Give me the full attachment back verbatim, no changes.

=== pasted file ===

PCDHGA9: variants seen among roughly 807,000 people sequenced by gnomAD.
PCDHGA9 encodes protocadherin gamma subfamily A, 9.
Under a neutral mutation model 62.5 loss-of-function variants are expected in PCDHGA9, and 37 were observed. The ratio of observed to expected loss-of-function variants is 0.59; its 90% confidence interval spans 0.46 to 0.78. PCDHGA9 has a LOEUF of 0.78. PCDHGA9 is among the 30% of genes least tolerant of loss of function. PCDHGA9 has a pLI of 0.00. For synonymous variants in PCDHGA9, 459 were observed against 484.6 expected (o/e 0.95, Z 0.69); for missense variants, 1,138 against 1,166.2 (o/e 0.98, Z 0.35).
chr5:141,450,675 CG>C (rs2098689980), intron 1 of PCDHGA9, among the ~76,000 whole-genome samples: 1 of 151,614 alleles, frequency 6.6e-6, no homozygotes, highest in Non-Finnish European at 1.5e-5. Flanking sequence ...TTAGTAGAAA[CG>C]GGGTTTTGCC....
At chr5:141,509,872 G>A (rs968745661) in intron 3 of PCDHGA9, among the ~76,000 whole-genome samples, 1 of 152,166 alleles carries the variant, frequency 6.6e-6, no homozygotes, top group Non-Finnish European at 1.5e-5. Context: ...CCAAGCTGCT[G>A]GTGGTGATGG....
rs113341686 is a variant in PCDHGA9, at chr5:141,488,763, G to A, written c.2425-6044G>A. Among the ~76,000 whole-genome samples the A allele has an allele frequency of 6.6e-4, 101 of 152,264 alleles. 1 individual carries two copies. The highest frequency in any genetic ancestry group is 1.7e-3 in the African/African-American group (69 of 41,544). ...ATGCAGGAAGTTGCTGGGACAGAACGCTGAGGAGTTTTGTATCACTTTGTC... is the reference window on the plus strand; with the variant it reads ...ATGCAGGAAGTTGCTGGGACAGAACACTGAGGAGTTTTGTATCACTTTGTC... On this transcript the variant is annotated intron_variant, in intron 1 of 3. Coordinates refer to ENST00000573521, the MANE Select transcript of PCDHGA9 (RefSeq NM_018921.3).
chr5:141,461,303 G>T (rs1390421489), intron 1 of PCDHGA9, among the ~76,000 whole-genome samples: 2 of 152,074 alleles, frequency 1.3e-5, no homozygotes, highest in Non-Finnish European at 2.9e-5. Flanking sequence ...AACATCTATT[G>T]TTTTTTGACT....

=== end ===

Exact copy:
PCDHGA9: variants seen among roughly 807,000 people sequenced by gnomAD.
PCDHGA9 encodes protocadherin gamma subfamily A, 9.
Under a neutral mutation model 62.5 loss-of-function variants are expected in PCDHGA9, and 37 were observed. The ratio of observed to expected loss-of-function variants is 0.59; its 90% confidence interval spans 0.46 to 0.78. PCDHGA9 has a LOEUF of 0.78. PCDHGA9 is among the 30% of genes least tolerant of loss of function. PCDHGA9 has a pLI of 0.00. For synonymous variants in PCDHGA9, 459 were observed against 484.6 expected (o/e 0.95, Z 0.69); for missense variants, 1,138 against 1,166.2 (o/e 0.98, Z 0.35).
chr5:141,450,675 CG>C (rs2098689980), intron 1 of PCDHGA9, among the ~76,000 whole-genome samples: 1 of 151,614 alleles, frequency 6.6e-6, no homozygotes, highest in Non-Finnish European at 1.5e-5. Flanking sequence ...TTAGTAGAAA[CG>C]GGGTTTTGCC....
At chr5:141,509,872 G>A (rs968745661) in intron 3 of PCDHGA9, among the ~76,000 whole-genome samples, 1 of 152,166 alleles carries the variant, frequency 6.6e-6, no homozygotes, top group Non-Finnish European at 1.5e-5. Context: ...CCAAGCTGCT[G>A]GTGGTGATGG....
rs113341686 is a variant in PCDHGA9, at chr5:141,488,763, G to A, written c.2425-6044G>A. Among the ~76,000 whole-genome samples the A allele has an allele frequency of 6.6e-4, 101 of 152,264 alleles. 1 individual carries two copies. The highest frequency in any genetic ancestry group is 1.7e-3 in the African/African-American group (69 of 41,544). ...ATGCAGGAAGTTGCTGGGACAGAACGCTGAGGAGTTTTGTATCACTTTGTC... is the reference window on the plus strand; with the variant it reads ...ATGCAGGAAGTTGCTGGGACAGAACACTGAGGAGTTTTGTATCACTTTGTC... On this transcript the variant is annotated intron_variant, in intron 1 of 3. Coordinates refer to ENST00000573521, the MANE Select transcript of PCDHGA9 (RefSeq NM_018921.3).
chr5:141,461,303 G>T (rs1390421489), intron 1 of PCDHGA9, among the ~76,000 whole-genome samples: 2 of 152,074 alleles, frequency 1.3e-5, no homozygotes, highest in Non-Finnish European at 2.9e-5. Flanking sequence ...AACATCTATT[G>T]TTTTTTGACT....